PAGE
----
Federal Communications Commission

Archive for August 2010

Health Care Connectivity White Paper

August 30th, 2010 by Kerry McDermott

Imagine a world where your electronic health record contains a video from an upper GI endoscopy and your follow up consultation occurs via video link. Practitioners are collecting and sharing greater amounts and types of data, as well as engaging patients in new ways. The more data that need to flow through the health care system, the bigger the pipes needed and the better they need to perform. But some health care providers face a connectivity gap – meaning the mass-market broadband infrastructure available to them is beneath a certain bandwidth threshold.

Last week, we published a paper on the connectivity analysis in the Health Care section of the National Broadband Plan. This paper explains the methodology and underlying assumptions used to determine the broadband connectivity gap for health care providers ranging from solo physician practices to hospitals. The gap matters because it affects doctors’ ability to move data and use health IT solutions that can help them better treat their patients. It also affects patients’ ability to access care – especially specialty care.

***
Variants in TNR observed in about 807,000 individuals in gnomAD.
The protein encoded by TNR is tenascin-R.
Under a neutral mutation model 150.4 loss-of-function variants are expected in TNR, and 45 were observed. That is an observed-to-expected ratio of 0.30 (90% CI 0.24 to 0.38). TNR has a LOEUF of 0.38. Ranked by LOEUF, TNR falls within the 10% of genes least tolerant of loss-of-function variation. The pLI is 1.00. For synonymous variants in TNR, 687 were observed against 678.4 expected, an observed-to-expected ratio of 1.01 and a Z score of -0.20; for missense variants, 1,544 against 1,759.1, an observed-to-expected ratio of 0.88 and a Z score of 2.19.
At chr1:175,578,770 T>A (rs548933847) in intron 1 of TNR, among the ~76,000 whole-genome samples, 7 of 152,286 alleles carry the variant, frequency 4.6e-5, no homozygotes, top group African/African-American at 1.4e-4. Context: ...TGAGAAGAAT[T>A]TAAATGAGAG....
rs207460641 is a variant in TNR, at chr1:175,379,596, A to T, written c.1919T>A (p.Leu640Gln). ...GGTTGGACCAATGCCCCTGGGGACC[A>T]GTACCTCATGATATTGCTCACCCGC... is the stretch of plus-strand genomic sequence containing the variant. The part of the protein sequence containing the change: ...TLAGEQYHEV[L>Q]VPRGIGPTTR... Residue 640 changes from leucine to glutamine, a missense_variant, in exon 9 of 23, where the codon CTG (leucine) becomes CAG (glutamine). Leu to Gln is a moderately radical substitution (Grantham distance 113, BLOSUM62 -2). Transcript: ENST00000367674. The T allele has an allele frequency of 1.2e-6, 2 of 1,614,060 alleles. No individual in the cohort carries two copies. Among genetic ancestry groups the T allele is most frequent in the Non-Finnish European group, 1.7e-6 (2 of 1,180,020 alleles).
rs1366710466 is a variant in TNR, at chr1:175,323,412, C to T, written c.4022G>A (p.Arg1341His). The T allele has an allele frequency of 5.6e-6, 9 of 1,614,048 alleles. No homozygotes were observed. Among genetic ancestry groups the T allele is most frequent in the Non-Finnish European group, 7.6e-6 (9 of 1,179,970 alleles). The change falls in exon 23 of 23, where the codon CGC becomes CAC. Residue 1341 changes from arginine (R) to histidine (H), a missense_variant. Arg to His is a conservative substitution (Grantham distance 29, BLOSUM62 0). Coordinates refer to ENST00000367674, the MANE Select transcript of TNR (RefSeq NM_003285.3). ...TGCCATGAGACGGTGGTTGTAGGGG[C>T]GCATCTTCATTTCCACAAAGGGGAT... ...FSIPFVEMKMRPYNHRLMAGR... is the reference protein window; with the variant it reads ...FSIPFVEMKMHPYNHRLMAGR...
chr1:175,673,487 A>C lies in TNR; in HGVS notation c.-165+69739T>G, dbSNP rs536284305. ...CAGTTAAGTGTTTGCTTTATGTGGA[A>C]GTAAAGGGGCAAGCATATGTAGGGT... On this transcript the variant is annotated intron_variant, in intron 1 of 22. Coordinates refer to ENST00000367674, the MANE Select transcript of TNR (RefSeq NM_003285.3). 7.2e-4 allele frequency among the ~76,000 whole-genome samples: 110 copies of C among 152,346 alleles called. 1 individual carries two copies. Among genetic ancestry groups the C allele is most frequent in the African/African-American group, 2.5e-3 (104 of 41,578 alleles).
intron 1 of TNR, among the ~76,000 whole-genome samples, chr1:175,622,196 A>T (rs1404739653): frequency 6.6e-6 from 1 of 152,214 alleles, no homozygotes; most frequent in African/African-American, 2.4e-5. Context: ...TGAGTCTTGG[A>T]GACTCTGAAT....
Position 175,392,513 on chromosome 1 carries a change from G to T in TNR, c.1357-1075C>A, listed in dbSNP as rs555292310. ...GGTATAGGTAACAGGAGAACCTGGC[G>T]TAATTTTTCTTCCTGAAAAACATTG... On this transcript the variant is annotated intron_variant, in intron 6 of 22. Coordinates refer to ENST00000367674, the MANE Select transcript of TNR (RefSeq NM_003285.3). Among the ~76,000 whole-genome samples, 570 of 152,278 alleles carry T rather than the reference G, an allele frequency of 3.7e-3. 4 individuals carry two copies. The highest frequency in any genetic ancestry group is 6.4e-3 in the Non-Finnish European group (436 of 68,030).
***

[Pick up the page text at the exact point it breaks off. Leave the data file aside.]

This analysis is a starting point for figuring out how big the pipes need to be and where they’re lacking. Based on extensive input from industry on the types of health IT solutions and the bandwidth and performance measures needed to support them, we profiled different health IT usage scenarios across various delivery settings and created some connectivity guidelines. We then matched these guidelines against the available mass-market infrastructure to identify potential connectivity gaps.

Due to the limitations of currently available data, the model is only able to estimate available infrastructure and does not address price disparities. Although comprehensive availability and actual purchase data at the provider level are not currently available, we hope the federal government will work together to get such data, as recommended in the National Broadband Plan.